How to establish and enforce rules at home

Every household has its set of do’s and don’ts, which may vary from one home to another. Setting rules at home and ensuring they are being followed is important, as

  • PublishedJuly 27, 2017

Every household has its set of do’s and don’ts, which may vary from one home to another. Setting rules at home and ensuring they are being followed is important, as it will help your children learn to follow rules in other places. This article helps parents to establish household rules and ensure they are followed through.

Many parents are aware of the need to have household rules, as children behave best when they are given a clear structure of instructions. However, knowing how to create rules and enforce them is a struggle many parents today admit to. The following tips will make it easy:
Write down a list of do’s and don’ts. You may think this is unnecessary, but writing down the list of household rules is the first step in ensuring everyone in the family becomes aware of the expectations, as well as take the rules seriously. Rules also help children feel safe and secure hence reducing the power struggles. And in case your child pulls off “But I didn’t know that was wrong” kind of phrase, you can always pull out the list as a point of reference.
Explain the reason for each rule. Today’s children are inquisitive. It is therefore necessary to explain to your children the reason behind the set of rules at your household. Don’t thump your chest when your children ask you why you set the rule and retort by saying, “Because I am your mother and I said so.” This often becomes a recipe for power play, as your children are likely to test you by rebelling to the rules set. A good way to set rules would be to involve your children when making the rules. Just because your children are young does not mean they have no opinion. Ask them if they think the rule is necessary and why, and then incorporate some of their feedback.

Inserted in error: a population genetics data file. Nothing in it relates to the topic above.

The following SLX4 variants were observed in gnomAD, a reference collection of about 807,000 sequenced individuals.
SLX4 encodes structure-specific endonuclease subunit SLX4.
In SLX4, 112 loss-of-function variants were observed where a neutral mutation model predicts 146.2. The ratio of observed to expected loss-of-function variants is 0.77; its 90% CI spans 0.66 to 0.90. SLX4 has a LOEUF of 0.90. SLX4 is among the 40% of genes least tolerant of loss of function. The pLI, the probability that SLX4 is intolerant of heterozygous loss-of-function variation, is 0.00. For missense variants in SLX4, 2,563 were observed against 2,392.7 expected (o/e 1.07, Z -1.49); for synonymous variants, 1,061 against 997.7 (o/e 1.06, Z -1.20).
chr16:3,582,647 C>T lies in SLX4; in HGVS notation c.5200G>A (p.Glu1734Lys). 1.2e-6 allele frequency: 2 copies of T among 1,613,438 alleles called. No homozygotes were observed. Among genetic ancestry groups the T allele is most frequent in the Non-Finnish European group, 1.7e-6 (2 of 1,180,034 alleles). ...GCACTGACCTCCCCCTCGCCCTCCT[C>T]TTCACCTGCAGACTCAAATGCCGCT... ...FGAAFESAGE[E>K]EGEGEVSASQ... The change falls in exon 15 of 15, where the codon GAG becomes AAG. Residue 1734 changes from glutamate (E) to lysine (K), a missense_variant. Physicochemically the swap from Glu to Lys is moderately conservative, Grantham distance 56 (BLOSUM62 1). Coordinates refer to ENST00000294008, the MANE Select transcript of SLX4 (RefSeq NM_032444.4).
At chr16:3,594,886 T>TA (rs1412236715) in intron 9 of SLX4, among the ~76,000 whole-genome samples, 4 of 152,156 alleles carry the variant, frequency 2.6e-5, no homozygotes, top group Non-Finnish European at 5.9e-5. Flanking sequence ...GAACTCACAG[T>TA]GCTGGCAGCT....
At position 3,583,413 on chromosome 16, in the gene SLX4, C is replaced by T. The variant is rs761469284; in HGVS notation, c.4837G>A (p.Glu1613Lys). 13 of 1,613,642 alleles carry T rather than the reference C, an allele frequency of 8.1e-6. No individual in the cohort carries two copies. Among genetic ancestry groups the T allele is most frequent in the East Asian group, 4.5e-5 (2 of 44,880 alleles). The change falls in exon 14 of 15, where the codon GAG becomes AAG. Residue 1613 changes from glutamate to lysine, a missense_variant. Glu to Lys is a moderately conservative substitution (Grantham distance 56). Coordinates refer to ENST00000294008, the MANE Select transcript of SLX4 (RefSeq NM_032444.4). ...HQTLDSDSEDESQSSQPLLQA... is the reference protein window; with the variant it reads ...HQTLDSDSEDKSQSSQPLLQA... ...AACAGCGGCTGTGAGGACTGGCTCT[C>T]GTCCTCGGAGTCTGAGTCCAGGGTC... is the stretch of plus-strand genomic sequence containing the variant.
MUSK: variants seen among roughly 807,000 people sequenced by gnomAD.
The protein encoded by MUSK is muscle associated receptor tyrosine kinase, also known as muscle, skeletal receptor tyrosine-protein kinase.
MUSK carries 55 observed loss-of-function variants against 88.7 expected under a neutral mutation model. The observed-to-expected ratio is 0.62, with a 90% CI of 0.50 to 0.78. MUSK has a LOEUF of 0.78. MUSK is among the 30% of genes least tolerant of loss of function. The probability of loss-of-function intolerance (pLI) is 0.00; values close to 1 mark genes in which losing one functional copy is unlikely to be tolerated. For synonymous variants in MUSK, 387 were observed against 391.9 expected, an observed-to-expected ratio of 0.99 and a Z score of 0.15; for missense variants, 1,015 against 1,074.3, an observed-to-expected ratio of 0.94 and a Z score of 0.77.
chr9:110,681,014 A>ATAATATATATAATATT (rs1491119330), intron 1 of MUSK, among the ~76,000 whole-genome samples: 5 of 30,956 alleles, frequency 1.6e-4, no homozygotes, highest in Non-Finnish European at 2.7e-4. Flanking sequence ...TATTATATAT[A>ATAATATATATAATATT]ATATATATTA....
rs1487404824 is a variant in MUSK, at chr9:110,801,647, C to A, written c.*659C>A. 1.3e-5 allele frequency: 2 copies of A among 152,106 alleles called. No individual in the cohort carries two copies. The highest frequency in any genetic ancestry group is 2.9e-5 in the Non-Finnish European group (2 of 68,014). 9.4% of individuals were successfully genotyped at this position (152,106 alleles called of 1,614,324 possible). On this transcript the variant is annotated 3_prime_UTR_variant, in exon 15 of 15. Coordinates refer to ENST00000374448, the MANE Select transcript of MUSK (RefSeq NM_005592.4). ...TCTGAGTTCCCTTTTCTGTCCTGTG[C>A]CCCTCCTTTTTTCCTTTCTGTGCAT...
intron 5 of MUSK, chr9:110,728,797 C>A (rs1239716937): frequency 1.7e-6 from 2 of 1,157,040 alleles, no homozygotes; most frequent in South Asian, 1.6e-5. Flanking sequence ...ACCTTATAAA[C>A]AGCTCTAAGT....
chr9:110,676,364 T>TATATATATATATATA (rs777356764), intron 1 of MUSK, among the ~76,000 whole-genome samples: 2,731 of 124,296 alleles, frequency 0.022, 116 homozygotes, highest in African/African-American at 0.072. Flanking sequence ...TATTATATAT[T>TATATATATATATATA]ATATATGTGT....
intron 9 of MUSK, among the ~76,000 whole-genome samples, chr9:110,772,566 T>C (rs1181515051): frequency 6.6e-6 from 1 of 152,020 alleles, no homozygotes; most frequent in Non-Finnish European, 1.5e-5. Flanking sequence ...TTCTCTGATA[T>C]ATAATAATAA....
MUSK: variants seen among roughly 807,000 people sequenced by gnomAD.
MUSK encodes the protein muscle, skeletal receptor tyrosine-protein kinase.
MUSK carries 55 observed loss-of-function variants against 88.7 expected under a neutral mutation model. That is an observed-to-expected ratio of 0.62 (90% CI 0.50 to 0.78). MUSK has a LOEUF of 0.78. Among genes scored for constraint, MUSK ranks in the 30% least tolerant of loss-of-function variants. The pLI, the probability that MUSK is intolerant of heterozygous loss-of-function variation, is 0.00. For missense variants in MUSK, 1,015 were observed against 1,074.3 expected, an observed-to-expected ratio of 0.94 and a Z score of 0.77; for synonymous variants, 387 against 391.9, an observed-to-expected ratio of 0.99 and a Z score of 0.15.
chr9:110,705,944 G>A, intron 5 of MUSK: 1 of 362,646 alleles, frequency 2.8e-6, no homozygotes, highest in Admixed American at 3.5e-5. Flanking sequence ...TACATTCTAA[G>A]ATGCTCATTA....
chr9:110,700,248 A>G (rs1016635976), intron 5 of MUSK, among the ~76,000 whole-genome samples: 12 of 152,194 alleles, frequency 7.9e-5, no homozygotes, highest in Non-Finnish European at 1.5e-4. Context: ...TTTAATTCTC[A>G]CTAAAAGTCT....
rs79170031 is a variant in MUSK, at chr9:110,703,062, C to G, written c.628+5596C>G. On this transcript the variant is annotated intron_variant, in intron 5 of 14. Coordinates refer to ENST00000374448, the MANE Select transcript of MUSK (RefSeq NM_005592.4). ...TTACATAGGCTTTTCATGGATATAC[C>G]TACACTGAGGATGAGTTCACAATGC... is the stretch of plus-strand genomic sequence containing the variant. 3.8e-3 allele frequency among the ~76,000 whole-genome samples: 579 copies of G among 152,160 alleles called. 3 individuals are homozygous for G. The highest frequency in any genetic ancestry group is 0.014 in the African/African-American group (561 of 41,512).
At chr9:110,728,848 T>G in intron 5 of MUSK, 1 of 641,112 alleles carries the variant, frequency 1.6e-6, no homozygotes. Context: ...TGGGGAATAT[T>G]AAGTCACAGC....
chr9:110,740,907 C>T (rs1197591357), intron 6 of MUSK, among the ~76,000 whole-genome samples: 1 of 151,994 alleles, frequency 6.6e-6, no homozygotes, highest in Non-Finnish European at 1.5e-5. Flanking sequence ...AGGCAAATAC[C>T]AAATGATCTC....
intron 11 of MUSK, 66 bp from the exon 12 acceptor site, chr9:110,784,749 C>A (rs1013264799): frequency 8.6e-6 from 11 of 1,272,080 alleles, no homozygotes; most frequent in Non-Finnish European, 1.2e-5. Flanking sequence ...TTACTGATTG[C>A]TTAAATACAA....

Establish consequences for each rule broken. When it comes to children, establishing consequences for breaking rules is as equally important as setting up rules. Children will always try and test authority sometimes by breaking a rule just to see your reaction. Therefore, be consistent with enforcing the rules and if your children follow them, reward them with positive effects such as words of affirmation and once a while you may consider rewarding them with physical gifts. However, when your children violate the rules, there ought to be negative consequences. Consider various forms of punishment other than beating. Some of these could include time-out or denial of certain privileges that they are accustomed to.
Model the behaviour you want to see in your children. Ensure everyone in the household adheres to the rules set and that includes you too. Children tend to learn more by imitation and therefore as a parent you need to constantly remind yourself that your children are paying more attention to what you do than what you say. Being a role model requires effort, discipline and forethought, therefore be very intentional about what behaviour you model for your children. For instance, if you do not want your children to tell lies, then do not lie to them. And when you make a mistake, own up and apologise to them. This will set a good example to them.

Published August 2017…

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